It is important to control the concentration of the unreacted monomer within the reactor because some of the properties of the polymer produced, such as melt index, are highly dependent on the unreacted monomer concentration. Typically, the unreacted monomer concentration has been controlled by manipulating the monomer feed rate, the diluent feed rate, or the catalyst feed rate.

Additionally, for economical operation it is desirable that the unreacted monomer in the reactor effluent be recovered and recycled to the polymerization reactor. Processes for the recovery and recycling of the diluent have been disclosed in U.S. Pat. Nos. 3,639,374 and 4,424,341. Such processes are generally one-stage flash processes with a low pressure recovery of the monomer and diluent after the flashing, a one-stage flash process with a high pressure recovery of the diluent and the monomer within the reactor after the flashing, or a two-stage flash process with the recovery of a major portion of the monomer and diluent after the high pressure flash while the diluent and monomer are still at a sufficient pressure to avoid needing recompression.

In a one-stage flash process with a low pressure recovery, a slurry of polymer and diluent is collected in one or more settling legs of the polymerization reactor. Next the slurry is discharged to a flash vessel wherein the mixture is flashed to a low pressure such as about 20 psia. While the flashing results in substantially complete removal of the diluent and monomer from the polymer, it is necessary to recompress the vaporized diluent and monomer in order to be able to condense them to liquid suitable for recycling to the polymerization reactor. The cost of recompression and the utilities for its operation often amounts to a significant portion of the expense involved in producing the polymer.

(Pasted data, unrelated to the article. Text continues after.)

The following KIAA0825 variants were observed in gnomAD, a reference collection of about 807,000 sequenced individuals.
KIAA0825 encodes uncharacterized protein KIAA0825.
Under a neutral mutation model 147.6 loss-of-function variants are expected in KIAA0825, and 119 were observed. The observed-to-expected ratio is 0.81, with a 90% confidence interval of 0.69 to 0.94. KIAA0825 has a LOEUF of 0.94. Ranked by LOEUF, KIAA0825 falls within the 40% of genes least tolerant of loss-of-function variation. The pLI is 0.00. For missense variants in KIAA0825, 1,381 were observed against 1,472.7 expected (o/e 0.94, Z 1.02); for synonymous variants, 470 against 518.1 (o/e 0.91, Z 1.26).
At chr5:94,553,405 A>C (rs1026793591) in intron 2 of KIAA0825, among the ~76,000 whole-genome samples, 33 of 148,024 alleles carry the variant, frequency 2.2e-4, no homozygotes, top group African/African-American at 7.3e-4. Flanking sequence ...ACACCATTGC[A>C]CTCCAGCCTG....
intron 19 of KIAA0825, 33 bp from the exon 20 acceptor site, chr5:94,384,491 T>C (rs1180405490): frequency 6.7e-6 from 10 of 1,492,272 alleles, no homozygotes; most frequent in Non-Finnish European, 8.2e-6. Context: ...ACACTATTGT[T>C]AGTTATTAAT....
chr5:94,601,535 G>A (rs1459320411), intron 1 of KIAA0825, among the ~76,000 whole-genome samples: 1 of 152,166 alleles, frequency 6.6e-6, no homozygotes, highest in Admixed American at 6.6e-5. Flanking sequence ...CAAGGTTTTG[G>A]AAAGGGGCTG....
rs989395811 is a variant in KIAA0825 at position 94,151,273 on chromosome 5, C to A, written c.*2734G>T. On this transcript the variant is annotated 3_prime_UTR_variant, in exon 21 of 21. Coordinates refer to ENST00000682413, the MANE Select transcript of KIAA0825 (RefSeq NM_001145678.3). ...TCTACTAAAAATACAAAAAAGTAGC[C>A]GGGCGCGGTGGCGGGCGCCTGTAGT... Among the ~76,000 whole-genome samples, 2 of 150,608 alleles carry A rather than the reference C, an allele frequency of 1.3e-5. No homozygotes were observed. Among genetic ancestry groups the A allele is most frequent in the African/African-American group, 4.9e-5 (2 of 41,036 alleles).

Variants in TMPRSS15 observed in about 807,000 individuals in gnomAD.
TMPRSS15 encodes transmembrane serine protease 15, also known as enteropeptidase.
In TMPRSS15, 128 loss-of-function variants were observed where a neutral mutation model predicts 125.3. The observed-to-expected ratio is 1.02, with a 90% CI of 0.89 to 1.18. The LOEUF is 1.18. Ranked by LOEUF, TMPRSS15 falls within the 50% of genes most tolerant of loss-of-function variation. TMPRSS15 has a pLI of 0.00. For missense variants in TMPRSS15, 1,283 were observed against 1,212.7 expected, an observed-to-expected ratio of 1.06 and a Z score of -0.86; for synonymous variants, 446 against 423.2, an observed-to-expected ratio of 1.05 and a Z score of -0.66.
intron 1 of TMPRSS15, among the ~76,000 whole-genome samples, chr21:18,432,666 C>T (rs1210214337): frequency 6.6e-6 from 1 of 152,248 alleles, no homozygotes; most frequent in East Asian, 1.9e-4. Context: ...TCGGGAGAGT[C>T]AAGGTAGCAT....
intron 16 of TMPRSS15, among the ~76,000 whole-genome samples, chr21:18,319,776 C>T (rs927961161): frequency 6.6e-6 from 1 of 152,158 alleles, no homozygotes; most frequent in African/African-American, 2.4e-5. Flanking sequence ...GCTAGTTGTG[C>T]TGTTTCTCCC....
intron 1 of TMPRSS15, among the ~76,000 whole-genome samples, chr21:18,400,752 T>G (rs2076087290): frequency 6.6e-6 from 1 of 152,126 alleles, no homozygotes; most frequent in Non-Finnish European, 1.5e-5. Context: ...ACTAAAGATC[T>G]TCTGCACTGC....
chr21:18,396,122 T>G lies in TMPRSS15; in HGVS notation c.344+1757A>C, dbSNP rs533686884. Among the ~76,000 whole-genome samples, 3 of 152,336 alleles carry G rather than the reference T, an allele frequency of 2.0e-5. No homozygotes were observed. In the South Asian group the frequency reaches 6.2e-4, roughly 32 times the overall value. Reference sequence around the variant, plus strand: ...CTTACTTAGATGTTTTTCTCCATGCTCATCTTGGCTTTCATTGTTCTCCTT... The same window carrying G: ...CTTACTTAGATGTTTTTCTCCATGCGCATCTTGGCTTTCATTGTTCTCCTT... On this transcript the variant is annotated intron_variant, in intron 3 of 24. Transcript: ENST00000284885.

When a high pressure flash is utilized, recovery of the diluent and monomer after the high pressure flash reduces the need for recompression of the vaporized diluent and monomer before recycling to the polymerization reactor. Thus, the use of a high pressure flash results in a reduction of the expense involved in producing the polymer.

In a one-stage flash with low pressure recovery, direct sampling of the monomer and diluent gas gives accurate analysis of the amount of monomer in the polymerization reactor. However, when a high pressure flash recovery is utilized, a significant portion of the monomer is retained with the polymer solids so that a direct sampling of the gases from the high pressure flash tank will result in an inaccurate analysis of the amount of monomer in the polymerization reactor. Thus, it would be desirable to develop an accurate system of determining the amount of monomer in the polymerization reactor for a polymerization system using a high pressure flash, in order to control the concentration of the unreacted monomer in the polymerization reactor and, also, realize the cost benefits associated with utilizing a high pressure flash.

It is therefore an object of the present invention to provide a method and apparatus capable of accurate analysis of the amount of monomer in the polymerization reactor when a high pressure flash tank is utilized for monomer recovery.